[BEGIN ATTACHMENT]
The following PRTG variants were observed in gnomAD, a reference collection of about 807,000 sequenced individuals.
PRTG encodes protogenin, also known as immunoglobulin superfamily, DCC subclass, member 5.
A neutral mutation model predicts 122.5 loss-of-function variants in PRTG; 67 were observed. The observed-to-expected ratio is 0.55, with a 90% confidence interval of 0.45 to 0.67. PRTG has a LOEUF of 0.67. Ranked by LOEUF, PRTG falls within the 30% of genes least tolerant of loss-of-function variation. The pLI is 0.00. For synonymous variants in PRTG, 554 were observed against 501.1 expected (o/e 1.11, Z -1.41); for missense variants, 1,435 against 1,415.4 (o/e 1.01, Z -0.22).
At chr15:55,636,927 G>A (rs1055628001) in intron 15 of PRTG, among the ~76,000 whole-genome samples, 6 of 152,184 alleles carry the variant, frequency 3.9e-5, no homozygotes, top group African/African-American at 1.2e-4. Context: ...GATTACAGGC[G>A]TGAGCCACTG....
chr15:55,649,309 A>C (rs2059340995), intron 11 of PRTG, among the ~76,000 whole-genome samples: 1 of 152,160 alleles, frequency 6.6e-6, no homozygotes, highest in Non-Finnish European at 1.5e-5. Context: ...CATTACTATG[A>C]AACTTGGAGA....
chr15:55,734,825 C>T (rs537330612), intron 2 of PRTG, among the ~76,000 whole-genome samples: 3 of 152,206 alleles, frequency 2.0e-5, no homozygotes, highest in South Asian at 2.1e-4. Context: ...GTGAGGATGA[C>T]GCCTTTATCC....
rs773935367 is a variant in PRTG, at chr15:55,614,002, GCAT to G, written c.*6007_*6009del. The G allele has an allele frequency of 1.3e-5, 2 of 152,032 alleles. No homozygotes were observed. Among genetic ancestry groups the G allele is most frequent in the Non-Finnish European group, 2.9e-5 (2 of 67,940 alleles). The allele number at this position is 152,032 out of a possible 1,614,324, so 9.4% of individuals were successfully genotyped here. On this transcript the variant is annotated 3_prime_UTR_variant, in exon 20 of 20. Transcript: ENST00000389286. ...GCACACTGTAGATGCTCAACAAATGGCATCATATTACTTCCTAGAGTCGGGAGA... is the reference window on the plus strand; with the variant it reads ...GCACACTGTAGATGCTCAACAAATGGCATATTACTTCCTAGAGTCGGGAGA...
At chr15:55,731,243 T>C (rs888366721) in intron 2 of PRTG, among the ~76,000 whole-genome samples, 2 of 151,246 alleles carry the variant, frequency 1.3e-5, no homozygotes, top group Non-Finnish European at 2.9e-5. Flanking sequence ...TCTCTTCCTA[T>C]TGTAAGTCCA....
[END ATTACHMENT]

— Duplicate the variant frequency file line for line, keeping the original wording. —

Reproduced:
The following PRTG variants were observed in gnomAD, a reference collection of about 807,000 sequenced individuals.
PRTG encodes protogenin, also known as immunoglobulin superfamily, DCC subclass, member 5.
A neutral mutation model predicts 122.5 loss-of-function variants in PRTG; 67 were observed. The observed-to-expected ratio is 0.55, with a 90% confidence interval of 0.45 to 0.67. PRTG has a LOEUF of 0.67. Ranked by LOEUF, PRTG falls within the 30% of genes least tolerant of loss-of-function variation. The pLI is 0.00. For synonymous variants in PRTG, 554 were observed against 501.1 expected (o/e 1.11, Z -1.41); for missense variants, 1,435 against 1,415.4 (o/e 1.01, Z -0.22).
At chr15:55,636,927 G>A (rs1055628001) in intron 15 of PRTG, among the ~76,000 whole-genome samples, 6 of 152,184 alleles carry the variant, frequency 3.9e-5, no homozygotes, top group African/African-American at 1.2e-4. Context: ...GATTACAGGC[G>A]TGAGCCACTG....
chr15:55,649,309 A>C (rs2059340995), intron 11 of PRTG, among the ~76,000 whole-genome samples: 1 of 152,160 alleles, frequency 6.6e-6, no homozygotes, highest in Non-Finnish European at 1.5e-5. Context: ...CATTACTATG[A>C]AACTTGGAGA....
chr15:55,734,825 C>T (rs537330612), intron 2 of PRTG, among the ~76,000 whole-genome samples: 3 of 152,206 alleles, frequency 2.0e-5, no homozygotes, highest in South Asian at 2.1e-4. Context: ...GTGAGGATGA[C>T]GCCTTTATCC....
rs773935367 is a variant in PRTG, at chr15:55,614,002, GCAT to G, written c.*6007_*6009del. The G allele has an allele frequency of 1.3e-5, 2 of 152,032 alleles. No homozygotes were observed. Among genetic ancestry groups the G allele is most frequent in the Non-Finnish European group, 2.9e-5 (2 of 67,940 alleles). The allele number at this position is 152,032 out of a possible 1,614,324, so 9.4% of individuals were successfully genotyped here. On this transcript the variant is annotated 3_prime_UTR_variant, in exon 20 of 20. Transcript: ENST00000389286. ...GCACACTGTAGATGCTCAACAAATGGCATCATATTACTTCCTAGAGTCGGGAGA... is the reference window on the plus strand; with the variant it reads ...GCACACTGTAGATGCTCAACAAATGGCATATTACTTCCTAGAGTCGGGAGA...
At chr15:55,731,243 T>C (rs888366721) in intron 2 of PRTG, among the ~76,000 whole-genome samples, 2 of 151,246 alleles carry the variant, frequency 1.3e-5, no homozygotes, top group Non-Finnish European at 2.9e-5. Flanking sequence ...TCTCTTCCTA[T>C]TGTAAGTCCA....